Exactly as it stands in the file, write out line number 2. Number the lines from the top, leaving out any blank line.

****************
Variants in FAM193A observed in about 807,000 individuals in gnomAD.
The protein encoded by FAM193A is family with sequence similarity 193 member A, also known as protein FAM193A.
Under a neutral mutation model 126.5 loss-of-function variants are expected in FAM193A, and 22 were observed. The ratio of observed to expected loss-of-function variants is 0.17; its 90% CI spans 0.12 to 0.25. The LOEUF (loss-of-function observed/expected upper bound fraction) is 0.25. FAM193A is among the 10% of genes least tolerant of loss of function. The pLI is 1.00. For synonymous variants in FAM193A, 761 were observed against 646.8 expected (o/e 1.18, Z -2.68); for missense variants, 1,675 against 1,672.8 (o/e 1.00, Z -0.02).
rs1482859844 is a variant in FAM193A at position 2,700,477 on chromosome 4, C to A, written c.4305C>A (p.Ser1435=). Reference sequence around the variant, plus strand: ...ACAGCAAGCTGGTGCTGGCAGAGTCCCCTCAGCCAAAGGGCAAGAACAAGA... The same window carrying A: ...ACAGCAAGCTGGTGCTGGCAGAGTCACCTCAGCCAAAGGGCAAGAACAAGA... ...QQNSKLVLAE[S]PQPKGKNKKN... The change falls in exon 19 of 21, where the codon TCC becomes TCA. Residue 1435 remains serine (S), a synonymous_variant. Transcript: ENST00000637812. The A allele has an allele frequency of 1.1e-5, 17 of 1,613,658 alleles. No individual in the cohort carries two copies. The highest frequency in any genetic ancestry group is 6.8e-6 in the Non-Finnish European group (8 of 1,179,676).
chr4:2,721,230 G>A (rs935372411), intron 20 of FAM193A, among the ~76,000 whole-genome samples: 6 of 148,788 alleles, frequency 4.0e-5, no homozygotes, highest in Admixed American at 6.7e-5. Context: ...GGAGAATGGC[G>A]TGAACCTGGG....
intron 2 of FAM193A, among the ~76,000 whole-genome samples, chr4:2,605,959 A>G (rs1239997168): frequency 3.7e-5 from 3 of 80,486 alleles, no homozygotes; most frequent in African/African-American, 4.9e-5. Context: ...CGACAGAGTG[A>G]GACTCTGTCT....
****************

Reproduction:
The protein encoded by FAM193A is family with sequence similarity 193 member A, also known as protein FAM193A.